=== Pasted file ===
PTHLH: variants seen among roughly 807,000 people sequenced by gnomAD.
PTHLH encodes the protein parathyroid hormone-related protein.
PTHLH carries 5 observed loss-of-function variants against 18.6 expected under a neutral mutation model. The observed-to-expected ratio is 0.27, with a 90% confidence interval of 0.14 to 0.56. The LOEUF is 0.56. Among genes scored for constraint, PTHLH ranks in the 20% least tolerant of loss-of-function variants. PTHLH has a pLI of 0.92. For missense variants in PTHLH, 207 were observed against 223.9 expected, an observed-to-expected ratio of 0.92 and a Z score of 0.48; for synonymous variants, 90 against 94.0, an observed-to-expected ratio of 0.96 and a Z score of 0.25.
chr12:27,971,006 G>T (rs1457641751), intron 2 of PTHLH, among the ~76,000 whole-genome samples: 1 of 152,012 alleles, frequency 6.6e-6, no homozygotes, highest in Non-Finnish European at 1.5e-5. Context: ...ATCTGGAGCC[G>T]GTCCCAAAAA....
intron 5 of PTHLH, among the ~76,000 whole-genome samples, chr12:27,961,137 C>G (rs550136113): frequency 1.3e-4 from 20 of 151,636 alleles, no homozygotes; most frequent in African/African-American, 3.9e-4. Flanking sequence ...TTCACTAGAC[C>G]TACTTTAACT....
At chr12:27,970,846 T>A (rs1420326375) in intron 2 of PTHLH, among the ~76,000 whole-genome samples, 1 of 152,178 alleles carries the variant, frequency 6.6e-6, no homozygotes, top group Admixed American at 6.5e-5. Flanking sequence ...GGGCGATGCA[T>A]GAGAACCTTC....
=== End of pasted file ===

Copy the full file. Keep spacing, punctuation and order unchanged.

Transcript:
PTHLH: variants seen among roughly 807,000 people sequenced by gnomAD.
PTHLH encodes the protein parathyroid hormone-related protein.
PTHLH carries 5 observed loss-of-function variants against 18.6 expected under a neutral mutation model. The observed-to-expected ratio is 0.27, with a 90% confidence interval of 0.14 to 0.56. The LOEUF is 0.56. Among genes scored for constraint, PTHLH ranks in the 20% least tolerant of loss-of-function variants. PTHLH has a pLI of 0.92. For missense variants in PTHLH, 207 were observed against 223.9 expected, an observed-to-expected ratio of 0.92 and a Z score of 0.48; for synonymous variants, 90 against 94.0, an observed-to-expected ratio of 0.96 and a Z score of 0.25.
chr12:27,971,006 G>T (rs1457641751), intron 2 of PTHLH, among the ~76,000 whole-genome samples: 1 of 152,012 alleles, frequency 6.6e-6, no homozygotes, highest in Non-Finnish European at 1.5e-5. Context: ...ATCTGGAGCC[G>T]GTCCCAAAAA....
intron 5 of PTHLH, among the ~76,000 whole-genome samples, chr12:27,961,137 C>G (rs550136113): frequency 1.3e-4 from 20 of 151,636 alleles, no homozygotes; most frequent in African/African-American, 3.9e-4. Flanking sequence ...TTCACTAGAC[C>G]TACTTTAACT....
At chr12:27,970,846 T>A (rs1420326375) in intron 2 of PTHLH, among the ~76,000 whole-genome samples, 1 of 152,178 alleles carries the variant, frequency 6.6e-6, no homozygotes, top group Admixed American at 6.5e-5. Flanking sequence ...GGGCGATGCA[T>A]GAGAACCTTC....